Monday Musings: IDEA: When Good Goes CCS/CTE Bad

Source: ideamoneywatch.com
Source: ideamoneywatch.com

Fighting CCS and CTE for those with special needs is especially heart rendering. I’ve had the honor of speaking with several parents of these wonderful students. In my educational experience, I’ve worked with these families and seen how an education that fits them, NOT streamlines them is a delight. However, when I speak with parents today, they are not delighted, their students are miserable, and all involved feel absolute anger and frustration toward the misuse of education and IDEA funding.

What’s IDEA funding? It is a federal statute set up in 1975. It’s original name was “Education for All Handicapped Children”. Congress, at some point, began to refer to it as “IDEA”. The name then or now isn’t so important as WHAT the funding does.
From what I’ve found the Act has 2 purposes: a) due process detailing parental rights, and b) permanent grants available to states for ‘free, appropriate public education to all children with disabilities in the least restrictive environment’.
(*Source: http://atlas.newamerica.org/individuals-disabilities-education-act-overview)

.

Where Good Went Bad:

Let’s see if we can pinpoint what other groups are supportive of the shift where IDEA went from its original purpose (stated above) of ‘appropriate education in the least restrictive way’ and when it aligned with Common Core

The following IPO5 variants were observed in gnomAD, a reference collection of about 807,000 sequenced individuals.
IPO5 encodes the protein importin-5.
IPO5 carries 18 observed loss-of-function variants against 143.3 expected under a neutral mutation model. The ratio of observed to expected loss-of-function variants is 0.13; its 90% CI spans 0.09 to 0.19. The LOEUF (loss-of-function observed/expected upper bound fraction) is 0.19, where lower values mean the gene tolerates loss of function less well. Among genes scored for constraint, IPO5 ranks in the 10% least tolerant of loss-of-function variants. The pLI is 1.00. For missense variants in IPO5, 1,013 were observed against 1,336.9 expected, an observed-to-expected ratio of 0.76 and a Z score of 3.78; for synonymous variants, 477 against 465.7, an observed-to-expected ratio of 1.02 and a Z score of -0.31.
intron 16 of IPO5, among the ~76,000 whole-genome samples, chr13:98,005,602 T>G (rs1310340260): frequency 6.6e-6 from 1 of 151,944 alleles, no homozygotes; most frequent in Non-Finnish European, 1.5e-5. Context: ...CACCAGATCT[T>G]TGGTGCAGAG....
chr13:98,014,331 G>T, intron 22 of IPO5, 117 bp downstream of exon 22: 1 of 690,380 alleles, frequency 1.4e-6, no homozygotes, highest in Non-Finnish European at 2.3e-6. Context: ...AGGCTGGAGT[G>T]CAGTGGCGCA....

From 2009, a pdf file from the NASDSE (National Association of State Directors of Special Education). Why this pdf? See the screen shot below:

badidea2

To access the entire pdf: idea_partnership
Why this matters in 2015: 1) if you’re a new anti CCSS Warrior, this may be information which is new to you; 2) knowing the dates of the pro CCSS Machine’s activities can help those who’ve been fighting CCS and all its other entities by tracking when and where it showed up in their states, who might be involved and knew what the states were in for, but went along with it, etc.

So what’s the NASDSE up to now, in 2015? Currently they are conducting 8 projects. One of which might be of particular interest in our War Against the Core. It is called the “National Center on Educational Outcomes Subcontract”. (NCEO for short). This particular subcontract is through the University of MN. Working with the NASDES, the Univ. of MN, is the CCSSO (Council of Chief State School Officers)! The goal of their teamwork? Assessments! More assessments for our special needs students. To read more about this project, see: http://www.nasdse.org/Projects/TheNationalCenteronEducationalOutcomesNCEO/tabid/421/Default.aspx
(*NOTE: this page will have an embedded link to the NCEO’s website. Go to that website. You’ll find “College and  Career Readiness Standards”, formative assessments, Universal Design of Assessments, and, you can access any of their publications {which date back to 1996}. You can access the 2015 publication where you can find out how CCSSO is driving IEPs to be written, as well as how assessment for ALL learners was discussed: 2015ForumReport Be sure if you live in CO, AL, or KS, you see how your states are used as success models.)